Topeka Kansas public school officials are launching a project to overhaul the way education is delivered in the state through a project that they say is so ambitious, they are likening it to the NASA moon missions of the 1960s.
In fact, the first group of school districts that have agreed to launch the first pilot projects are being called "the Mercury Seven."
"We have likened this to when (President John F.) Kennedy issued a challenge to land a man on the moon," State Education Commissioner Randy Watson said Tuesday while briefing U.S. Rep. Kevin Yoder on the project. "We have a 10-year journey, as we talked about this morning. It's a serious journey. We're trying by 2026 to totally redesign K-12 education for all 286 school districts."
At a Wednesday meeting, Kansas State Board of Education members were given a more detailed briefing of the program. Brad Neuenswander, the deputy commissioner in charge of learning services, who has been most directly involved in the project, tried to describe what people will see in a newly redesigned building, although he admitted that's not easy.
"I would speculate that if you walked into one of those districts, you’re not going to see a traditional setting," he told the state board Wednesday. "I think you’re going to walk in there and maybe see a group of kids not based on age, but based on experience and where they’re at. You may see 30 kids in a room with three adults supporting that. The whole structure of it, it’s hard to define."
Watson said the project grew out of a statewide listening tour that officials from the State Department of Education and members of the Kansas State Board of Education conducted in 2015. They met with community leaders, business leaders and parents in communities across the state, asking them what they expected from their local schools.
What they heard, Watson has said repeatedly since then, was surprising to many. While people said academic achievement was important, it often was not the most important thing people wanted from their schools. People also said they wanted schools to teach character development, citizenship and work ethics.
And perhaps most importantly, Watson has said, people said they wanted schools to provide individualized education, focusing on the unique needs of each student.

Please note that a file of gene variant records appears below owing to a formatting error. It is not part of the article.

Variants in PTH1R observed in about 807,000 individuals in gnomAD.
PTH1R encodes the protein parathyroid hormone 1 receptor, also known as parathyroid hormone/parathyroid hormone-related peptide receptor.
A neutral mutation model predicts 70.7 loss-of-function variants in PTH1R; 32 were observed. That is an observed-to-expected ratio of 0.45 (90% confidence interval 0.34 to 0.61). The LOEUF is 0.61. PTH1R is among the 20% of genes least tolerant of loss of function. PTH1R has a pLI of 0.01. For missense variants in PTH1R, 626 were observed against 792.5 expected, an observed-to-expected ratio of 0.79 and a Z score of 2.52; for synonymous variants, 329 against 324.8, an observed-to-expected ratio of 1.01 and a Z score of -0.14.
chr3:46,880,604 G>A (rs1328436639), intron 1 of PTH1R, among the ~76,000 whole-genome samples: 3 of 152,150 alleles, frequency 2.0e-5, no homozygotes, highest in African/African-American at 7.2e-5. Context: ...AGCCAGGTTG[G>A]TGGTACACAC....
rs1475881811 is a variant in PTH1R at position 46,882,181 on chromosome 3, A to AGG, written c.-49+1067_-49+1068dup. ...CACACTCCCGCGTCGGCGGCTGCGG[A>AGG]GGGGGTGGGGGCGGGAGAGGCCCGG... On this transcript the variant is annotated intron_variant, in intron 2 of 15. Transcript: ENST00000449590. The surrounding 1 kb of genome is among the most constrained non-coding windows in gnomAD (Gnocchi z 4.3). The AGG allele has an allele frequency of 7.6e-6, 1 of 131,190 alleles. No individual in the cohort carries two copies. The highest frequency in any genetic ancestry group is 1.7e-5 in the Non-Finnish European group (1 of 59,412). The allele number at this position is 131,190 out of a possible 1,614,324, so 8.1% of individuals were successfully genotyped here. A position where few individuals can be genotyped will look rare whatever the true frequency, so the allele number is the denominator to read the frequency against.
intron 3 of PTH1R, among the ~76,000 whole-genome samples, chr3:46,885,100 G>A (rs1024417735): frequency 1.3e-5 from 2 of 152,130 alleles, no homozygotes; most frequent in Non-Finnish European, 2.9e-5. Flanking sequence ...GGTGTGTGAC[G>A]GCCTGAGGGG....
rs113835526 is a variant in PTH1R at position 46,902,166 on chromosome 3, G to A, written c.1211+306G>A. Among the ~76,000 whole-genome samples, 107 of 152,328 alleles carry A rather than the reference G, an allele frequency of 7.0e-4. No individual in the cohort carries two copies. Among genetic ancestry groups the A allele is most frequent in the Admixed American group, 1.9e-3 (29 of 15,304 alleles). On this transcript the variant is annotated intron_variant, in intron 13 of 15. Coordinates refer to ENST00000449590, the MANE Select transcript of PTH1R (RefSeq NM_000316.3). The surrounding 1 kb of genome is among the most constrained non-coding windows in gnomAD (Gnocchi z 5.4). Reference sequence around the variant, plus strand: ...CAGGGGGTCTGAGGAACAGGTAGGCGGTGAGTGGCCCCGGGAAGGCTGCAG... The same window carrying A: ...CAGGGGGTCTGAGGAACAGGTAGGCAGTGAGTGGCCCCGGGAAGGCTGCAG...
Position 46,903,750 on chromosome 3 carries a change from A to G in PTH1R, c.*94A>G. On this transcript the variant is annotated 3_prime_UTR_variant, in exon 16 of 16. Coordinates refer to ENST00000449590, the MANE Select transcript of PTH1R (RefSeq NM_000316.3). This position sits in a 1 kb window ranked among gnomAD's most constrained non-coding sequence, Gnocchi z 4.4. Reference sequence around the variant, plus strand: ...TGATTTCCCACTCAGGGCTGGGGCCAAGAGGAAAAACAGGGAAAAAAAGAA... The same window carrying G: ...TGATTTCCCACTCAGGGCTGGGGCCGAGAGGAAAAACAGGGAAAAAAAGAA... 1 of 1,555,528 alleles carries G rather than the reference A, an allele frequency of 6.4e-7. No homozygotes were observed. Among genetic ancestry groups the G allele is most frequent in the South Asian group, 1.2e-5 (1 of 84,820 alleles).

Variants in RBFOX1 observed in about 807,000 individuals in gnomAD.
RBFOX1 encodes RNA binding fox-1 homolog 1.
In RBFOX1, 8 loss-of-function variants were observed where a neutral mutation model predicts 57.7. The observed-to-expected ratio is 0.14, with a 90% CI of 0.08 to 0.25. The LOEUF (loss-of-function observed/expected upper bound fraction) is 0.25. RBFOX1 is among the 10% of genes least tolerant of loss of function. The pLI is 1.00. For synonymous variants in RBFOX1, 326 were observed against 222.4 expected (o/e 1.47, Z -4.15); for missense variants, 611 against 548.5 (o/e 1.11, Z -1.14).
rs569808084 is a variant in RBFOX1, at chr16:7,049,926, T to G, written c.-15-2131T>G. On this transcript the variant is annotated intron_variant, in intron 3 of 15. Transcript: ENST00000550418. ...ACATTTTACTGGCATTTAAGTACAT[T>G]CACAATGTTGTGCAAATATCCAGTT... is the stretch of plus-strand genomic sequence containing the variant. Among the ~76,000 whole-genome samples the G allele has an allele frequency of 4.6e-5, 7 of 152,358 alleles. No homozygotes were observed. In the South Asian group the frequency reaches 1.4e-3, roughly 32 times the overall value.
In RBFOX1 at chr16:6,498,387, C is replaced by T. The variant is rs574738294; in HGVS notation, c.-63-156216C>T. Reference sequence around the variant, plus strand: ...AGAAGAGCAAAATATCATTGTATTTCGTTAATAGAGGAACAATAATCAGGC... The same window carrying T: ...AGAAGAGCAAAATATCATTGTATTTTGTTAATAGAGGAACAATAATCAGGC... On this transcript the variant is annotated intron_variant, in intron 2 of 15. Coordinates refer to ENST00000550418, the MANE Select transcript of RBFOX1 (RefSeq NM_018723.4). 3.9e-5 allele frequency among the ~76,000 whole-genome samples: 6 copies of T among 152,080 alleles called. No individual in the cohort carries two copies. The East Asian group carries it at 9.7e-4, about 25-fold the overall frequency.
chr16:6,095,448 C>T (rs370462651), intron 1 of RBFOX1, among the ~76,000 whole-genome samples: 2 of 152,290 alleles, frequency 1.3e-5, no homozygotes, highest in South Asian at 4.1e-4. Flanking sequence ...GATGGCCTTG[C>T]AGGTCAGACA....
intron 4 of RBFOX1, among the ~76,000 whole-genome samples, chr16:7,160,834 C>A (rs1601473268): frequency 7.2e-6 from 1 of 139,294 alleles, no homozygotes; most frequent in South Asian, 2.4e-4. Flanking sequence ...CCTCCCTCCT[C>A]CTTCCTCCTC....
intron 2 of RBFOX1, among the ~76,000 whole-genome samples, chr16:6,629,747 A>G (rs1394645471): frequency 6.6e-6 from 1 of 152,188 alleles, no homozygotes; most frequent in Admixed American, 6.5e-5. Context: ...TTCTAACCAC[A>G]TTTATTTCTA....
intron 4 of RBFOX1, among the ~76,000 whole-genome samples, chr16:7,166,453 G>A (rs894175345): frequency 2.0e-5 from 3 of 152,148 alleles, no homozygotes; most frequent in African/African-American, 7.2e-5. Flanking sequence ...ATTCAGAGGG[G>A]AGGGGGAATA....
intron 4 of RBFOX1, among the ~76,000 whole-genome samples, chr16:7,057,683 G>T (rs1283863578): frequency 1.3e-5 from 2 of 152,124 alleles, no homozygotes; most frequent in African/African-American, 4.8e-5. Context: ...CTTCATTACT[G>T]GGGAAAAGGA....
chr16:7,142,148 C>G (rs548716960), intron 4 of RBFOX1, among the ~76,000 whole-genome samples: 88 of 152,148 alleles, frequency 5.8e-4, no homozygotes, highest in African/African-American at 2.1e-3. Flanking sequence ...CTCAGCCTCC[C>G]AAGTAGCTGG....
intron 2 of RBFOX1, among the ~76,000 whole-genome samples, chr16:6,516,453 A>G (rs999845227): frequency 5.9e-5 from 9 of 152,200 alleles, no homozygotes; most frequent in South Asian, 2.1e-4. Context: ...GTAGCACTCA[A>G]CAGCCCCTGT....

That listening tour led to the agency's new "Kansans Can" vision for education, and an initiative to completely overhaul the way K-12 education is delivered in Kansas over the next 10 years.
That will involve tearing apart a structure that has existed for roughly a century or more, since the end of the one-room schoolhouse, in which public education is organized around grade levels that are generally determined by a student's age.
Children enter kindergarten at age 5 or 6, and then each year progress to the next grade level, resulting in a system in which the content being delivered in a classroom is determined by a child's age and grade level, and not necessarily his or her interest or readiness.
"It has worked for a long time, but it was predicated on two concepts," Watson said. The first of those, he said, "is that most workers were either going to be on a farm or they were going to go to assembly line work. Employers in Kansas and across the nation are saying that’s not what work looks like today. We need different workers, we need higher skill workers. We don’t need low skilled workers."
"It was also predicated on a home life that had very supportive parents that could see delayed gratification – you study this thing now, you don’t know if that makes any sense, but later on you’ll use it," Watson continued. "And we had a more homogeneous clientele. So when you looked at a third grade, the (achievement) gap – there was a gap, but it wasn’t that wide. Now it’s pretty wide."
Earlier this year, the agency put out a request, soliciting school districts that would volunteer to be part of a pilot project to turn that 100-year-old education system upside down and completely redesign it. Those that volunteered had to commit overhauling one elementary school and a middle school and high school to create a system in which a child could proceed from kindergarten through graduation in a completely different, more individualized kind of environment.
Twenty-nine school districts submitted proposals to participate, and of those, seven were selected - the Mercury Seven: Wellington; Olathe; Coffeyville; Twin Valley; Liberal; McPherson; and Stockton.
To carry the metaphor even further, each of the original Mercury 7 astronauts has been symbolically assigned to one of those seven districts. For example, John Glenn has been assigned to Coffeyville; Gordon Cooper to Olathe; and Gus Grissom to Twin Valley.
Those seven are expected to have their new, individualized structures in place by August 2018.
And to complete the "moon mission" metaphor, the other 22 districts are being called the "Gemini" districts, and they will launch programs in 2019 or 2020.
An overhaul on the scale contemplated by the state is fraught with risks. One is the risk of alienating patrons of the district by launching a new kind of school system that parents and taxpayers in the district find foreign and unfamiliar. But Watson said the agency has done everything it can to mitigate that risk.
"Those districts are in a constant loop with their parents and their broader community," he said of the Mercury Seven. "So there should be no surprise when we get to August that their parents haven’t said yes, we approve of what’s going to occur. Now, will there be someone who wasn’t paying attention? Maybe. But it’s a deep involvement of parents in the community."